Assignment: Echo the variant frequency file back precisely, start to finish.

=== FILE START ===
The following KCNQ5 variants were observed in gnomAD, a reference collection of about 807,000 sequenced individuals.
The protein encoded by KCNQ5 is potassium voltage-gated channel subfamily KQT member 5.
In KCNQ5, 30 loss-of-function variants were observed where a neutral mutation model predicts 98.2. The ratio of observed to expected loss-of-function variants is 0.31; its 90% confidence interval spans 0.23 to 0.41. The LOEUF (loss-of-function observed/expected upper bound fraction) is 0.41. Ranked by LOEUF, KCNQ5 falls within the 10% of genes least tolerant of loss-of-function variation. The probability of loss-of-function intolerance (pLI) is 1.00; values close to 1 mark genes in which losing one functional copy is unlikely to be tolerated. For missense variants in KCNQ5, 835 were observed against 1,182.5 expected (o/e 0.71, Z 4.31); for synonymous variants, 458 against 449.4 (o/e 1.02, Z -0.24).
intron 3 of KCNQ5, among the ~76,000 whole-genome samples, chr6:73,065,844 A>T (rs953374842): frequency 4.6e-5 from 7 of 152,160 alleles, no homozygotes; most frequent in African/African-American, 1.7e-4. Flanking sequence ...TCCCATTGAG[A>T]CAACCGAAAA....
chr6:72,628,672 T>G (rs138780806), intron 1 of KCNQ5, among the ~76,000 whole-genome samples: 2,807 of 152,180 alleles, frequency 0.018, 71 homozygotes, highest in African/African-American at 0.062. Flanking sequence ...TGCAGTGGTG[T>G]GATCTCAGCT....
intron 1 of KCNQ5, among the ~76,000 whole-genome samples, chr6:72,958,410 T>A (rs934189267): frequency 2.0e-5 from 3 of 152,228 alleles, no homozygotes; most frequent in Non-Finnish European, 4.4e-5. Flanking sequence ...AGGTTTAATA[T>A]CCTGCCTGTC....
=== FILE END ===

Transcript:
The following KCNQ5 variants were observed in gnomAD, a reference collection of about 807,000 sequenced individuals.
The protein encoded by KCNQ5 is potassium voltage-gated channel subfamily KQT member 5.
In KCNQ5, 30 loss-of-function variants were observed where a neutral mutation model predicts 98.2. The ratio of observed to expected loss-of-function variants is 0.31; its 90% confidence interval spans 0.23 to 0.41. The LOEUF (loss-of-function observed/expected upper bound fraction) is 0.41. Ranked by LOEUF, KCNQ5 falls within the 10% of genes least tolerant of loss-of-function variation. The probability of loss-of-function intolerance (pLI) is 1.00; values close to 1 mark genes in which losing one functional copy is unlikely to be tolerated. For missense variants in KCNQ5, 835 were observed against 1,182.5 expected (o/e 0.71, Z 4.31); for synonymous variants, 458 against 449.4 (o/e 1.02, Z -0.24).
intron 3 of KCNQ5, among the ~76,000 whole-genome samples, chr6:73,065,844 A>T (rs953374842): frequency 4.6e-5 from 7 of 152,160 alleles, no homozygotes; most frequent in African/African-American, 1.7e-4. Flanking sequence ...TCCCATTGAG[A>T]CAACCGAAAA....
chr6:72,628,672 T>G (rs138780806), intron 1 of KCNQ5, among the ~76,000 whole-genome samples: 2,807 of 152,180 alleles, frequency 0.018, 71 homozygotes, highest in African/African-American at 0.062. Flanking sequence ...TGCAGTGGTG[T>G]GATCTCAGCT....
intron 1 of KCNQ5, among the ~76,000 whole-genome samples, chr6:72,958,410 T>A (rs934189267): frequency 2.0e-5 from 3 of 152,228 alleles, no homozygotes; most frequent in Non-Finnish European, 4.4e-5. Flanking sequence ...AGGTTTAATA[T>A]CCTGCCTGTC....